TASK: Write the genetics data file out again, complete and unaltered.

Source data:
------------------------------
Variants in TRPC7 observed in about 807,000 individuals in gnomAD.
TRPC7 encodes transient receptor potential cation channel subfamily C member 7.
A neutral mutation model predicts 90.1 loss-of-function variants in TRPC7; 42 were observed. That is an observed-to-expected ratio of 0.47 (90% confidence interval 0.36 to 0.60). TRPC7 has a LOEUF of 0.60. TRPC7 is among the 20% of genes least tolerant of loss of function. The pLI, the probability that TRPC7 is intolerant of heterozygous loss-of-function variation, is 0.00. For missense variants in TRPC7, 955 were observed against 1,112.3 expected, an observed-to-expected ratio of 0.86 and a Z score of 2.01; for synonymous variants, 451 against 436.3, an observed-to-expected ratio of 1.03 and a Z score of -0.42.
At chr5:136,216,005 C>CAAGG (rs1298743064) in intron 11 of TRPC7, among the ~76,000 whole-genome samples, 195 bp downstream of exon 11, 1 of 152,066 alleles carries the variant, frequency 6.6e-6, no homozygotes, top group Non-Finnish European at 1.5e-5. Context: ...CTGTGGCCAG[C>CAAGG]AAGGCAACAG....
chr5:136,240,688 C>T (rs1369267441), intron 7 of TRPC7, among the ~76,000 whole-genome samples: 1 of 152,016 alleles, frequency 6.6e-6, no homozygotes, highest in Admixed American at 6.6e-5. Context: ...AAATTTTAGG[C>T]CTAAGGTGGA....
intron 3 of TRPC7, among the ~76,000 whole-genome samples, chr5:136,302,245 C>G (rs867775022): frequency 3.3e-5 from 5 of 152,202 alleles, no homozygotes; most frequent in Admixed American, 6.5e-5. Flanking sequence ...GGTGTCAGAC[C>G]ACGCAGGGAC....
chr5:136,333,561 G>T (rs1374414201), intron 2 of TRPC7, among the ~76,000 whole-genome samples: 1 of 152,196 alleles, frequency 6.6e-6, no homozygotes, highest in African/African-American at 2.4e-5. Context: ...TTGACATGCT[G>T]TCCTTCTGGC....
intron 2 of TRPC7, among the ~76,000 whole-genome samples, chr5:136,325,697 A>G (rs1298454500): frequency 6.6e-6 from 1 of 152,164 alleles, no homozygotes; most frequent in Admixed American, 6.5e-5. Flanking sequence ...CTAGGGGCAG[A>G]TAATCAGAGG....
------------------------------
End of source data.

Variants in TRPC7 observed in about 807,000 individuals in gnomAD.
TRPC7 encodes transient receptor potential cation channel subfamily C member 7.
A neutral mutation model predicts 90.1 loss-of-function variants in TRPC7; 42 were observed. That is an observed-to-expected ratio of 0.47 (90% confidence interval 0.36 to 0.60). TRPC7 has a LOEUF of 0.60. TRPC7 is among the 20% of genes least tolerant of loss of function. The pLI, the probability that TRPC7 is intolerant of heterozygous loss-of-function variation, is 0.00. For missense variants in TRPC7, 955 were observed against 1,112.3 expected, an observed-to-expected ratio of 0.86 and a Z score of 2.01; for synonymous variants, 451 against 436.3, an observed-to-expected ratio of 1.03 and a Z score of -0.42.
At chr5:136,216,005 C>CAAGG (rs1298743064) in intron 11 of TRPC7, among the ~76,000 whole-genome samples, 195 bp downstream of exon 11, 1 of 152,066 alleles carries the variant, frequency 6.6e-6, no homozygotes, top group Non-Finnish European at 1.5e-5. Context: ...CTGTGGCCAG[C>CAAGG]AAGGCAACAG....
chr5:136,240,688 C>T (rs1369267441), intron 7 of TRPC7, among the ~76,000 whole-genome samples: 1 of 152,016 alleles, frequency 6.6e-6, no homozygotes, highest in Admixed American at 6.6e-5. Context: ...AAATTTTAGG[C>T]CTAAGGTGGA....
intron 3 of TRPC7, among the ~76,000 whole-genome samples, chr5:136,302,245 C>G (rs867775022): frequency 3.3e-5 from 5 of 152,202 alleles, no homozygotes; most frequent in Admixed American, 6.5e-5. Flanking sequence ...GGTGTCAGAC[C>G]ACGCAGGGAC....
chr5:136,333,561 G>T (rs1374414201), intron 2 of TRPC7, among the ~76,000 whole-genome samples: 1 of 152,196 alleles, frequency 6.6e-6, no homozygotes, highest in African/African-American at 2.4e-5. Context: ...TTGACATGCT[G>T]TCCTTCTGGC....
intron 2 of TRPC7, among the ~76,000 whole-genome samples, chr5:136,325,697 A>G (rs1298454500): frequency 6.6e-6 from 1 of 152,164 alleles, no homozygotes; most frequent in Admixed American, 6.5e-5. Flanking sequence ...CTAGGGGCAG[A>G]TAATCAGAGG....